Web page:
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Houston councilman proposes trash fee to pay for firefighter raises

Councilman Dwight Boykins believes this plan would bridge the budget shortfall, giving firefighters a pay raise without layoffs.

HOUSTON — A judge decides Friday if Houston’s Proposition B will move forward.

Prop B is the measure, approved by voters, that guarantees equal pay for firefighters and police with similar positions and experience.

Mayor Sylvester Turner has said Prop B will lead to layoffs, due to the expected $100 million cost of firefighter raises.

Both the the city of Houston and the Houston Police Officer’s Union are trying to stop Prop B in court.

However, Houston City Council Member Dwight Boykins says there’s another option.

He proposed a plan Thursday that he believes would bridge the budget shortfall, giving firefighters a pay raise without layoffs.

“It was almost 2-1 in favor of Prop B, where firefighters have pay parity with police. We have to look at a way of finding the money,” Boykins said.

He is suggesting adding a monthly fee for trash pickup for Houston residents.

The city would then be able to use money flagged for solid waste to give firefighters the mandated raises.

“What you would get in return is solid waste pickup twice a week instead of once a week," Boykins said. "You would get heavy trash twice a month instead of once a month. More importantly, we’ll find additional revenue to hopefully have more enforcement for illegal dumpers as well."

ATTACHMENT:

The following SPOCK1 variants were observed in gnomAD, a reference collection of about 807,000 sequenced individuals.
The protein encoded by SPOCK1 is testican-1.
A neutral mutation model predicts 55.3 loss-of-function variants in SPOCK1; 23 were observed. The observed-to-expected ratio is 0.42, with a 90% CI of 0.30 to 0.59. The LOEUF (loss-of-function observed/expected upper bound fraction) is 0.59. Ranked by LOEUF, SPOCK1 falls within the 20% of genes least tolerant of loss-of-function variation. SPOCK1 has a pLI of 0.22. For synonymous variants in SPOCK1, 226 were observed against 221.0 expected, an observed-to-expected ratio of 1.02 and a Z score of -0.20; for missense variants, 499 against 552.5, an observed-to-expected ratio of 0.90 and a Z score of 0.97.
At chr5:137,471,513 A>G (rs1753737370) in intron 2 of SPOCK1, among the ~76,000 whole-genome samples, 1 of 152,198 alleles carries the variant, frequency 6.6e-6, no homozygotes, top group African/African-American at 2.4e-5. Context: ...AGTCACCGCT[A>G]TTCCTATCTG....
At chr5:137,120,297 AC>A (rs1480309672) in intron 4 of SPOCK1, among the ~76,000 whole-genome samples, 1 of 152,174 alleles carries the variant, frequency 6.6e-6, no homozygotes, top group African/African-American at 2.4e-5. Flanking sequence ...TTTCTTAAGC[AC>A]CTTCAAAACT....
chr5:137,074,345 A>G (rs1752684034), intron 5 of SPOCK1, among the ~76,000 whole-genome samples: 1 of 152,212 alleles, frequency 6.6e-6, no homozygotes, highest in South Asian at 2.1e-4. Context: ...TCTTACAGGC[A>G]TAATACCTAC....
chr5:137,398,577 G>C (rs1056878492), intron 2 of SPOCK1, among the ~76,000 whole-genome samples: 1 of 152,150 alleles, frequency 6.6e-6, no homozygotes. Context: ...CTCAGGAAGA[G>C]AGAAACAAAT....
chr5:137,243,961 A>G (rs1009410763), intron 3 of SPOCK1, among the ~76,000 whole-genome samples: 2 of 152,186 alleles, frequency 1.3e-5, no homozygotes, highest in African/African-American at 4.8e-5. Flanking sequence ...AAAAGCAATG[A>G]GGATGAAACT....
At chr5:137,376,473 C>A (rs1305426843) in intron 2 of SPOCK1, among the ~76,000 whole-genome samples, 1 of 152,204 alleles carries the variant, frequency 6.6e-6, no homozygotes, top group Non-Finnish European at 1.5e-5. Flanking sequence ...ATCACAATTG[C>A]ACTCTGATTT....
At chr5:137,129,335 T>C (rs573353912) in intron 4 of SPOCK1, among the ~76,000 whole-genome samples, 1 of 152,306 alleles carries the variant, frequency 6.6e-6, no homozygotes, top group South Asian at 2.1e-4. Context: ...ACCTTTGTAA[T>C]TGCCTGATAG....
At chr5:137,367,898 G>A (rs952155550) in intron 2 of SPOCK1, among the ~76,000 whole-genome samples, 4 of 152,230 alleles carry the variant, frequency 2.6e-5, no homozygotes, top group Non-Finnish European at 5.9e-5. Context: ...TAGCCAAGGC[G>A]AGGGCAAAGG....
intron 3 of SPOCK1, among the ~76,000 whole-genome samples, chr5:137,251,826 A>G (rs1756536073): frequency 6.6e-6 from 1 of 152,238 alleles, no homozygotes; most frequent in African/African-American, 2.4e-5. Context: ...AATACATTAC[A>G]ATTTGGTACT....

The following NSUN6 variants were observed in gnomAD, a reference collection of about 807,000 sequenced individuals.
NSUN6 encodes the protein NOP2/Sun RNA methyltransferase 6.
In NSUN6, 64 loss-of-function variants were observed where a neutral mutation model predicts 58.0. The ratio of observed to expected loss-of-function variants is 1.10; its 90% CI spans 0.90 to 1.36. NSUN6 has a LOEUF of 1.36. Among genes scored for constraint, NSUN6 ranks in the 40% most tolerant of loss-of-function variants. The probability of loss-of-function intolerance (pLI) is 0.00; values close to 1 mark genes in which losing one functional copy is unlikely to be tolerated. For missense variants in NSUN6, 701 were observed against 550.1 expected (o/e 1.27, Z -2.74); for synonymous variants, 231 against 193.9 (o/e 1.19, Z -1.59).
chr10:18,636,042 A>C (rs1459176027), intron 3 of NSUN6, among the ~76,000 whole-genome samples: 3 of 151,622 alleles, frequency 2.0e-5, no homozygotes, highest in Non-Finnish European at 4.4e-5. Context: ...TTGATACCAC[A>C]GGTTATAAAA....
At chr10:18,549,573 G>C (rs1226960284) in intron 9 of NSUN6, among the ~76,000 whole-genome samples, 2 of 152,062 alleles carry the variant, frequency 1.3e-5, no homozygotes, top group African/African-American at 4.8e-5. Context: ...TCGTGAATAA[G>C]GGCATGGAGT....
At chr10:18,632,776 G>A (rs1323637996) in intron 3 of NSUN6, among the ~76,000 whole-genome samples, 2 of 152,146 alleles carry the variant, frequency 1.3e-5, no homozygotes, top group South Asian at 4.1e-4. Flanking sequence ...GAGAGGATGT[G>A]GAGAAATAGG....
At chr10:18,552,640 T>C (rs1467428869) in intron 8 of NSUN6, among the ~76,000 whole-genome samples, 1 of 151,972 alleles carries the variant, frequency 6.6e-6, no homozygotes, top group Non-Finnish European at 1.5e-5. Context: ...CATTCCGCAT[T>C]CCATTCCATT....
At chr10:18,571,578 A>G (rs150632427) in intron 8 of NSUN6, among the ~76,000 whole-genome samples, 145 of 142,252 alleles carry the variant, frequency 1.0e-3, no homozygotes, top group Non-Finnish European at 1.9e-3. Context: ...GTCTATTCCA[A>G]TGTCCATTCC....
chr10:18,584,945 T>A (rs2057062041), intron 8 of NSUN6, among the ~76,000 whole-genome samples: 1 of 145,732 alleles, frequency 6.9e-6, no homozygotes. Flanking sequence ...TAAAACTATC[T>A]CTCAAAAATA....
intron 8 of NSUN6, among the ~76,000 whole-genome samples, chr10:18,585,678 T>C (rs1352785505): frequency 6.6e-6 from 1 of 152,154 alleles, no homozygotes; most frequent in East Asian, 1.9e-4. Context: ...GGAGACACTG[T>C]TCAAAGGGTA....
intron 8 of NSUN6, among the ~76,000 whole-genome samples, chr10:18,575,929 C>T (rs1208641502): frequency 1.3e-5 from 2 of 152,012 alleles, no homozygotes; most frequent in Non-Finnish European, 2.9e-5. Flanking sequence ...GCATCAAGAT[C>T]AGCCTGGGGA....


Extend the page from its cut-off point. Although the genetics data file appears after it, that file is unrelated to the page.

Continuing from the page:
The fees would be $25, $30, or $40, depending on the pickup option selected.

He explained other big cities, like Dallas, San Antonio, and Austin, already charge for trash pickup.

With Prop B going into effect in in the new year, the new trash fee could be tacked on as early as February if approved by council.

Mayor Turner said the proposal by Boykins underscores what he's been saying for months.

“The City cannot afford Proposition B. This measure will cost the city more than $100 million each fiscal year," Turner said.

"I will not support forcing Houston homeowners to pay a costly new tax on trash collection to pay for firefighters’ salaries."

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